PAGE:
What happened when I ran the infamous Marathon du Medoc

Among the reams of marathon advice online and in print, there’s one common thread – nothing new on race day. Given this, it seemed somewhat ridiculous that I toed the line of my first marathon merrily ignoring it – I hadn’t trained in my race outfit (eBay’s finest sailor costume) and my nutrition strategy (mostly wine, a few gels) went totally untested. On this occasion though, I wasn’t alone: I was taking on the legendary Marathon du Medoc, 26.2 miles through the vineyards of Bordeaux with 23 wine-tasting stops, live music and compulsory fancy dress.

Since its launch in 1985, Marathon du Medoc has escaped its well-kept secret status and now attracts 8500 runners each September – up to 20% travelling from abroad – to enjoy its festival atmosphere. Starting in the small town of Pauillac, the route trails past breathtaking chateaus and through endless vineyards in an anticlockwise loop, with the final 4K stretch heading down next to the Gironde estuary.

Having trained for two marathons and not made the start line for either due to a handful (or legful) of painful injuries, the low-pressure vibe of Medoc really appealled to me – you’re free to walk, jog or run the course, and nobody is in PB territory when they’ve sunk a few shots of burgundy anyway. The only catch is there’s a six and a half hour cut off (introduced to prevent runners having a tad too much fun on the course), after which you no longer receive a finisher’s medal and additional bottle of wine.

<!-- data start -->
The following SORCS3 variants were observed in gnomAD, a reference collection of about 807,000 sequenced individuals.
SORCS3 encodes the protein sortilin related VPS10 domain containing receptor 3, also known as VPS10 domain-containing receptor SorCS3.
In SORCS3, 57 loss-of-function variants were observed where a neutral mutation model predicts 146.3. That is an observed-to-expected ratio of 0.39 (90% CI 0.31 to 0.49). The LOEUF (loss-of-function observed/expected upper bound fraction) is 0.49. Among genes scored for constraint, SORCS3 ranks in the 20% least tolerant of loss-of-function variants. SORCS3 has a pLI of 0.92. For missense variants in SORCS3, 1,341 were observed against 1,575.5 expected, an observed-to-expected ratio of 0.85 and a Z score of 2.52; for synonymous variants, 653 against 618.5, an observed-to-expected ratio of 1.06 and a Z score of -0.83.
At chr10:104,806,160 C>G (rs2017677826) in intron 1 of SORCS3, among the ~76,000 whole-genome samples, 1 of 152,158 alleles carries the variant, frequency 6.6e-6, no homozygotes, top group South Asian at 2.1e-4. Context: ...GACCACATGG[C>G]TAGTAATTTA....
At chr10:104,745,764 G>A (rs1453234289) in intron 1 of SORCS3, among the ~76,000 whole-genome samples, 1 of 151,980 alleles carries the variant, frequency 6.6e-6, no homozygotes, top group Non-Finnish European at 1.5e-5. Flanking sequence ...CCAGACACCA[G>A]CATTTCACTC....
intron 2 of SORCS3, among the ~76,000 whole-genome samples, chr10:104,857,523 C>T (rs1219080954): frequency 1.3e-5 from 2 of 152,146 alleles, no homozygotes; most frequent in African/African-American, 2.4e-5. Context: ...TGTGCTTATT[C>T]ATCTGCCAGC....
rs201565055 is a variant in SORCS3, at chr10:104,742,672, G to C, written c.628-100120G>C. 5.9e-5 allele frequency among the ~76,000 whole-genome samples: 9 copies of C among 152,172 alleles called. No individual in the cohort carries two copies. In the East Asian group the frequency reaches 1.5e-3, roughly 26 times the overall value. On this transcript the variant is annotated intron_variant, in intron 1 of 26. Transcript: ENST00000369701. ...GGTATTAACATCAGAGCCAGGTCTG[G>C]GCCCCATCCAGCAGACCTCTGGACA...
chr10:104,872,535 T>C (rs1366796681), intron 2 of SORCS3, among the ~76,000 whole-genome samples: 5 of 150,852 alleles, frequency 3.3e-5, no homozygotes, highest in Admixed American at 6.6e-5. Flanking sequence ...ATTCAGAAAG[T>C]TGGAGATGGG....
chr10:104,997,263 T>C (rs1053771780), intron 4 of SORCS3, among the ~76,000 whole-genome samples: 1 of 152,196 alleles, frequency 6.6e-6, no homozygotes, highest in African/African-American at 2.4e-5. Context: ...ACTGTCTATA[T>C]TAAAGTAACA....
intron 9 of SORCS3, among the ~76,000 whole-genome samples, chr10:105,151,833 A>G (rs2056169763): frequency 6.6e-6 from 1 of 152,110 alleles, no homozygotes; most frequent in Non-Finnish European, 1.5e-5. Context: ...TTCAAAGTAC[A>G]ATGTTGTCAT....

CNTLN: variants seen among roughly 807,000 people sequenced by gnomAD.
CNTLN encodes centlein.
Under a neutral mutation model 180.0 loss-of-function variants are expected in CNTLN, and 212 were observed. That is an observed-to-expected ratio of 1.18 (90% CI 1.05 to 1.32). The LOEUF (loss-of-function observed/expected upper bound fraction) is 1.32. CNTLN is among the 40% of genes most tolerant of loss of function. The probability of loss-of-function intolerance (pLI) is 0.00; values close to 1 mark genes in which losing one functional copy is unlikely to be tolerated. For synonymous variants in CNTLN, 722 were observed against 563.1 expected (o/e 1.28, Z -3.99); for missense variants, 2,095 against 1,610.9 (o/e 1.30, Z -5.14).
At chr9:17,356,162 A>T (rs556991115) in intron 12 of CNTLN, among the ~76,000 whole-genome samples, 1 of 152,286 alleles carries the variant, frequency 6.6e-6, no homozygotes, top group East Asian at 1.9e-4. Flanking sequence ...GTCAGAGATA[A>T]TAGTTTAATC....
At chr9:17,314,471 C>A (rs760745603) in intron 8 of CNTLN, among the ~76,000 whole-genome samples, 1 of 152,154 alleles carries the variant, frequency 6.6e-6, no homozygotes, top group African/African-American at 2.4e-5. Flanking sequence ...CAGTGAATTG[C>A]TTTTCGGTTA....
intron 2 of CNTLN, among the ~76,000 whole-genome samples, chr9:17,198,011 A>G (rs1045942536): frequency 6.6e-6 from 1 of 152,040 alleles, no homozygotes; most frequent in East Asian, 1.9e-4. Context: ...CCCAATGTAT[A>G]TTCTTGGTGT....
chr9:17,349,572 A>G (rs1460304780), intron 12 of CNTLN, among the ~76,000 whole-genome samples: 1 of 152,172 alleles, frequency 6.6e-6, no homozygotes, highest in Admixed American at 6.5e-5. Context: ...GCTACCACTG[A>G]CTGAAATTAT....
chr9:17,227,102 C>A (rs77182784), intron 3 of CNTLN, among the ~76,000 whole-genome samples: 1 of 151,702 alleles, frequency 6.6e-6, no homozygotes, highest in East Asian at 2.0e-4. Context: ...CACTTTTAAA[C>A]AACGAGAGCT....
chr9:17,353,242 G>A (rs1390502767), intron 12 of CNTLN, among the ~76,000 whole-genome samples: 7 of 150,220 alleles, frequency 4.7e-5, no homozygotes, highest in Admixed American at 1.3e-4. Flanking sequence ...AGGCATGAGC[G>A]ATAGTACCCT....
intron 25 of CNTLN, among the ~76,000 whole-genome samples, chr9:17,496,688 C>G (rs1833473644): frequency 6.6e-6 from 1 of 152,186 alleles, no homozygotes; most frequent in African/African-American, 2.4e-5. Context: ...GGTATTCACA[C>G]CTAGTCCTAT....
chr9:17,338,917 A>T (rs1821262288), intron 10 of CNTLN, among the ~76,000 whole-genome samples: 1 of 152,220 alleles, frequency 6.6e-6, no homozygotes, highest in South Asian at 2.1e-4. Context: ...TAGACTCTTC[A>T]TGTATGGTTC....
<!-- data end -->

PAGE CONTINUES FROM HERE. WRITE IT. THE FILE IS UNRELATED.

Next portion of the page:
(Related: The drinking runner's handbook)

After a security check (all corkscrews were confiscated before the race), we ambled towards the start line – set underneath a three-man band on a stage hanging from a crane – amid showers of confetti and cheers from locals hanging out their windows. The lack of staggered start times meant the first few kilometres were crowded, with lots of people-dodging and the occasional bottleneck.

The crowds thinned out though, giving a better view of the rolling vineyards and spectacular fancy dress. 2017’s costume theme was ‘Music in 33.3RPM’ – record music, a theme that was taken literally by some (those in fascinators made with small vinyl records with plastic wine glasses stuck to them) and more generally by others, such as my group who came as the Village People. The sheer dedication to the costume cause was remarkable, with tributes to pop acts past and present as well as some perplexing but nonetheless entertaining costumes (such as the man wearing nothing but a thong and a strategically placed race number).

(Related: 9 tips for running in fancy dress)

By the time we reached the stunning Chateau Pichon-Longueville at 4K, the group and I had settled into a comfortable pace and had our first al-fresco toilet stop, and therefore were more than game for our first Medoc tasting experience. With a sample of red in hand (served in an actual wine glass rather than a throwaway plastic cup - fancy) we made the most of the chateau backdrop for a photo op before heading onwards.